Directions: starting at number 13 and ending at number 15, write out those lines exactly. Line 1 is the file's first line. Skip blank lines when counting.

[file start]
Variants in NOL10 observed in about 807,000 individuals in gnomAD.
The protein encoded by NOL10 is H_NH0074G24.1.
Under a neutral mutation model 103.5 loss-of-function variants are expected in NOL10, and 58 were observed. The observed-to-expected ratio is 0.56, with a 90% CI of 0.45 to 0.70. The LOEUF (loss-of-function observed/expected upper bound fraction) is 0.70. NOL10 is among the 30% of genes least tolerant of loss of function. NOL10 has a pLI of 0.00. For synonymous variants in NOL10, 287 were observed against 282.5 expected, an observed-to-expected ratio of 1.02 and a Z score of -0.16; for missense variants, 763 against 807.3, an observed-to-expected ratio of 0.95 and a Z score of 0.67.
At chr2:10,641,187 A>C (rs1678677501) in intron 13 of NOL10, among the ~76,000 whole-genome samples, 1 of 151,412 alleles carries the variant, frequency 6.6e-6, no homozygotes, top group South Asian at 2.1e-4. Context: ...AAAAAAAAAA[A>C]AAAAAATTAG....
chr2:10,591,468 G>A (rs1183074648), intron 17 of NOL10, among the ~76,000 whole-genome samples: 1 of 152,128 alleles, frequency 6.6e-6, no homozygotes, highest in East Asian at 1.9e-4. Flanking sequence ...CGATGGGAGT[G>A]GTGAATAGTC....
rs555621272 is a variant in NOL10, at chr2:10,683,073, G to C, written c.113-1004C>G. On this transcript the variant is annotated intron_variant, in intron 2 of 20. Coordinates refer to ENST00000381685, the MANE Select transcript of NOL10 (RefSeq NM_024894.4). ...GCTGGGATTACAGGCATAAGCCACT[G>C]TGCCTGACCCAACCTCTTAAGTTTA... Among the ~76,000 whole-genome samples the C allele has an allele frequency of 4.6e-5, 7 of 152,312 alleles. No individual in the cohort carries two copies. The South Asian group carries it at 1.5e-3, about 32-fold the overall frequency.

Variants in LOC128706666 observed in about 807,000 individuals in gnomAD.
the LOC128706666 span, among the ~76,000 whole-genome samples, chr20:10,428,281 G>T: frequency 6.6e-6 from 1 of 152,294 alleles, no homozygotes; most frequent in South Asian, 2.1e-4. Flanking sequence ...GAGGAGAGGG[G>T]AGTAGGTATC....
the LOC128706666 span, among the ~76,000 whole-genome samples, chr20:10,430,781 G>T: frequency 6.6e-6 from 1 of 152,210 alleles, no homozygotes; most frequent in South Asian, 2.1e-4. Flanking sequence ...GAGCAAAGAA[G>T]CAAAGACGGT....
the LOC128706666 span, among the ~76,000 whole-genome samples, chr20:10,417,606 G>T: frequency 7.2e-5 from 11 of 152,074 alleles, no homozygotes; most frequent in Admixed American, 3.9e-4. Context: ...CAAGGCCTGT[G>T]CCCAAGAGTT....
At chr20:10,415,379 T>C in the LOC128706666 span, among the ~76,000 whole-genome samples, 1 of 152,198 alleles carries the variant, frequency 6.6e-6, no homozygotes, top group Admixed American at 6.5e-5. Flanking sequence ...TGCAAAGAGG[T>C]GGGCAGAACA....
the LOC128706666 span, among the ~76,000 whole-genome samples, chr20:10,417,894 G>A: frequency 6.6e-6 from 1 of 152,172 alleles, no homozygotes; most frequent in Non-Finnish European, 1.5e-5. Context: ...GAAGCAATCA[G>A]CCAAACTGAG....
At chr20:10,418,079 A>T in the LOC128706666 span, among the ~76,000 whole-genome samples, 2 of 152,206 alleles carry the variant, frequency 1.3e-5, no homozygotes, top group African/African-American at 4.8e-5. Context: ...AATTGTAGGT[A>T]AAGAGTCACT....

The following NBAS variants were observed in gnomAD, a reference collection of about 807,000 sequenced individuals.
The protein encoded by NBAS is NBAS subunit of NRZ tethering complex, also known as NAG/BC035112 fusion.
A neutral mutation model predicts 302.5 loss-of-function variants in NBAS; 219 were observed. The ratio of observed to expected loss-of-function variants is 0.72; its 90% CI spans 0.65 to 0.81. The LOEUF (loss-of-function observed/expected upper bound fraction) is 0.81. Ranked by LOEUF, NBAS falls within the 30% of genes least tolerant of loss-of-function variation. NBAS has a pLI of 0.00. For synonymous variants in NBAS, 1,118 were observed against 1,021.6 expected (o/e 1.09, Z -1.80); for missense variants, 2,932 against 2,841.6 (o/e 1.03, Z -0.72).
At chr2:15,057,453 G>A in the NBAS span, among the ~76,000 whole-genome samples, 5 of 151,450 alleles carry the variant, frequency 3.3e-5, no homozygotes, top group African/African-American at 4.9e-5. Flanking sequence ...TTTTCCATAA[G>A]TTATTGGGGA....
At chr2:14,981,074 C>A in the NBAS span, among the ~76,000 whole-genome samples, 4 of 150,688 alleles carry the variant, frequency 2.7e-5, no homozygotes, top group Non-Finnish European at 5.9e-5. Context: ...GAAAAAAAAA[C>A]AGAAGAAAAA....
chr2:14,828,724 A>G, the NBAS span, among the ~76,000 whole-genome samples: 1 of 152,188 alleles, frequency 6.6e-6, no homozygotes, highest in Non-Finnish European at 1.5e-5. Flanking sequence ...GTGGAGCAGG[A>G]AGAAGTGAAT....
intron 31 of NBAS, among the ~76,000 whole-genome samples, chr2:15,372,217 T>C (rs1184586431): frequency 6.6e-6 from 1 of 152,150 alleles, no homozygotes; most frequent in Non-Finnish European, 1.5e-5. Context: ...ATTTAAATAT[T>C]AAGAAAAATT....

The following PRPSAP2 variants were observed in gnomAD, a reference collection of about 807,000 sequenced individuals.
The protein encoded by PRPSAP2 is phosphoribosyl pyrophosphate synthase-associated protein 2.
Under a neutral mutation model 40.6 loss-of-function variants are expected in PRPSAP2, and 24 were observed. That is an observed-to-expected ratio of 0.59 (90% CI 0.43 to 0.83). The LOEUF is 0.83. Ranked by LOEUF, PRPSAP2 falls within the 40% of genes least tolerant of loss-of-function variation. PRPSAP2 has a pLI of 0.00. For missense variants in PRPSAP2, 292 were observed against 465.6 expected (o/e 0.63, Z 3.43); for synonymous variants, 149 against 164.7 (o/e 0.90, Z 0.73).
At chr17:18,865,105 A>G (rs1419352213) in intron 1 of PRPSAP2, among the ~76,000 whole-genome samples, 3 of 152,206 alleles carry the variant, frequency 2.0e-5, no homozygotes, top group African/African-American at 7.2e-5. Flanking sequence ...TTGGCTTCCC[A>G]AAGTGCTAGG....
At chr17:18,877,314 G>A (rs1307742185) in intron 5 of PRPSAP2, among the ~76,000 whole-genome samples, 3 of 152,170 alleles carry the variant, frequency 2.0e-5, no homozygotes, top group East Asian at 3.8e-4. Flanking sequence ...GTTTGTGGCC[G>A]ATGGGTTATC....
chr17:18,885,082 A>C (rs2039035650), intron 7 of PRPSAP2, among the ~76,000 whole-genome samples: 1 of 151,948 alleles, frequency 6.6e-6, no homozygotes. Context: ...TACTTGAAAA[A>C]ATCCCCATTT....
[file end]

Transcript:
At chr20:10,418,079 A>T in the LOC128706666 span, among the ~76,000 whole-genome samples, 2 of 152,206 alleles carry the variant, frequency 1.3e-5, no homozygotes, top group African/African-American at 4.8e-5. Context: ...AATTGTAGGT[A>T]AAGAGTCACT....

The following NBAS variants were observed in gnomAD, a reference collection of about 807,000 sequenced individuals.
The protein encoded by NBAS is NBAS subunit of NRZ tethering complex, also known as NAG/BC035112 fusion.